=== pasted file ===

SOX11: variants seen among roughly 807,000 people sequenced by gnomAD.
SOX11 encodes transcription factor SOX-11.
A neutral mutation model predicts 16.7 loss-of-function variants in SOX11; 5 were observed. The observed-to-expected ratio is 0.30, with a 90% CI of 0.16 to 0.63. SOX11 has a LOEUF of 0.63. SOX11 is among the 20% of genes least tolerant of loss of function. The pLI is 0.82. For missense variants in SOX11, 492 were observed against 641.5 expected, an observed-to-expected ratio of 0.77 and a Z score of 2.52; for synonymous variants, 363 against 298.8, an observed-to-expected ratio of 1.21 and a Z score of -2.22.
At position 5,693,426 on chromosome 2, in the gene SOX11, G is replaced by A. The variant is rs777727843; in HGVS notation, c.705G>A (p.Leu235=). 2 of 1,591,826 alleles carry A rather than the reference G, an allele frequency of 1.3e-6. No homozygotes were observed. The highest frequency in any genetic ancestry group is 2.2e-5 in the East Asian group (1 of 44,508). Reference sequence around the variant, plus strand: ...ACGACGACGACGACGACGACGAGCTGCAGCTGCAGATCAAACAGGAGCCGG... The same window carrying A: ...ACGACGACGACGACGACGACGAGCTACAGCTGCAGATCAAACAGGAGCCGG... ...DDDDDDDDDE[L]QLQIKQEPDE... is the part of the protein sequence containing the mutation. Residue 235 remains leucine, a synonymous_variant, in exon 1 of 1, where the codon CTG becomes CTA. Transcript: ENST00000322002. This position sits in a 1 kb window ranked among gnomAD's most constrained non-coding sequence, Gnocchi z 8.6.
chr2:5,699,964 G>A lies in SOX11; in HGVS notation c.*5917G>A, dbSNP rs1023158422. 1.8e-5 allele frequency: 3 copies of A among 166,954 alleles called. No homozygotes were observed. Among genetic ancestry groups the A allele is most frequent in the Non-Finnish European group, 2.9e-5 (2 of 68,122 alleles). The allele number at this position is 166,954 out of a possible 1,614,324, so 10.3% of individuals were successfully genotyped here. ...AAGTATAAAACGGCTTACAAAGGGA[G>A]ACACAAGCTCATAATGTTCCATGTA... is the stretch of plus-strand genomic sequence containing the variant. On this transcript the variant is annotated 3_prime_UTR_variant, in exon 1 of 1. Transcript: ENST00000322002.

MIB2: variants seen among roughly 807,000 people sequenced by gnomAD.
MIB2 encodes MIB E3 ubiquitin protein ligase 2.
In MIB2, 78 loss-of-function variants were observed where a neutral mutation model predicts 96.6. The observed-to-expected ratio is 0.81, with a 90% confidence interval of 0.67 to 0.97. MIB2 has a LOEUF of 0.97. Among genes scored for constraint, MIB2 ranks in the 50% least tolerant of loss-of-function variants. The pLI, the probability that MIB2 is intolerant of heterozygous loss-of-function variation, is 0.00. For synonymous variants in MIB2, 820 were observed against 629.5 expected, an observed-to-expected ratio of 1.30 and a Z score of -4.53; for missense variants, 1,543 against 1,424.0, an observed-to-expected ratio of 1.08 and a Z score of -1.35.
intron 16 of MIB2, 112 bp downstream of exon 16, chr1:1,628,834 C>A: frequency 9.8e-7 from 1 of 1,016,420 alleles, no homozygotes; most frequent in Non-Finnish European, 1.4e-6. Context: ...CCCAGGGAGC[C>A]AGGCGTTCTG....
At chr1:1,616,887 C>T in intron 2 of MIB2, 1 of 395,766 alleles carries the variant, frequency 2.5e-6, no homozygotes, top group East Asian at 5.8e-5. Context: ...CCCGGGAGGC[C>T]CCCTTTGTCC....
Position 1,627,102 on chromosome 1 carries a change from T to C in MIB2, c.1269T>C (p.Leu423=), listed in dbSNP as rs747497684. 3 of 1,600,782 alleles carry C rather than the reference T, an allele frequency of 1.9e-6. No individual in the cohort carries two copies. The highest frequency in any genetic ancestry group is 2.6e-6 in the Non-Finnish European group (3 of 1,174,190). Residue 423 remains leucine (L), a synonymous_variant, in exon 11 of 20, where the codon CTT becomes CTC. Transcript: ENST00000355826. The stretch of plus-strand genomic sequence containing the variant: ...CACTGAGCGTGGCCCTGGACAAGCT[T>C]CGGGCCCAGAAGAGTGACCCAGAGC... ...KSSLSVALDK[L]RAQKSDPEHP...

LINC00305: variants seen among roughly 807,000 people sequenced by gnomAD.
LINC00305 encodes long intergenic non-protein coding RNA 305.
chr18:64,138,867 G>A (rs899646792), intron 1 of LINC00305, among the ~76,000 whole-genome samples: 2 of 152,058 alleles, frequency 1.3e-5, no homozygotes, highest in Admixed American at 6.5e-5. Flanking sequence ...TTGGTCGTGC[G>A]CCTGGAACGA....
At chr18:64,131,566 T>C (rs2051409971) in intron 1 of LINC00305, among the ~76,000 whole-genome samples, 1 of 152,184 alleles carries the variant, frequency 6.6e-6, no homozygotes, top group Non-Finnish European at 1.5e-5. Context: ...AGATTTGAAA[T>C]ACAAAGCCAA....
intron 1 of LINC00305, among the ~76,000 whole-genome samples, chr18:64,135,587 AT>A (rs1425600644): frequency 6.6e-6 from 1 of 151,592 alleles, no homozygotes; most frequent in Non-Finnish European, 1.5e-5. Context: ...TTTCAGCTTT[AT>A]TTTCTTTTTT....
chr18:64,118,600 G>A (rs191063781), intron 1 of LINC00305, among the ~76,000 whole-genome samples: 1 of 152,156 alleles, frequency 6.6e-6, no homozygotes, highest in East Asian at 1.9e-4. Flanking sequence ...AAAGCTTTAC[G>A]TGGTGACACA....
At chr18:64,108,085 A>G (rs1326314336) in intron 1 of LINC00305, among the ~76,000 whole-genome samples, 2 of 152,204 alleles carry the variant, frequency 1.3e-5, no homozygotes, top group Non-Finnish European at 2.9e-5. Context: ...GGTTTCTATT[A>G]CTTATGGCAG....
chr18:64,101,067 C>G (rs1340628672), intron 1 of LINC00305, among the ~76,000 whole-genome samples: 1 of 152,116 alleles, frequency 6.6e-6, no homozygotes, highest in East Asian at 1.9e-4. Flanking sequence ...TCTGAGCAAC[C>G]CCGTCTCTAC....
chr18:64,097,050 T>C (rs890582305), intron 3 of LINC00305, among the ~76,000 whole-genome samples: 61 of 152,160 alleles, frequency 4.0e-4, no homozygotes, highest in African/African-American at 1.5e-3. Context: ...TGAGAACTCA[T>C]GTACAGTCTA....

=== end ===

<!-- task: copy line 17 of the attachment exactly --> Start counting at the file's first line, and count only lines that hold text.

chr18:64,118,600 G>A (rs191063781), intron 1 of LINC00305, among the ~76,000 whole-genome samples: 1 of 152,156 alleles, frequency 6.6e-6, no homozygotes, highest in East Asian at 1.9e-4. Flanking sequence ...AAAGCTTTAC[G>A]TGGTGACACA....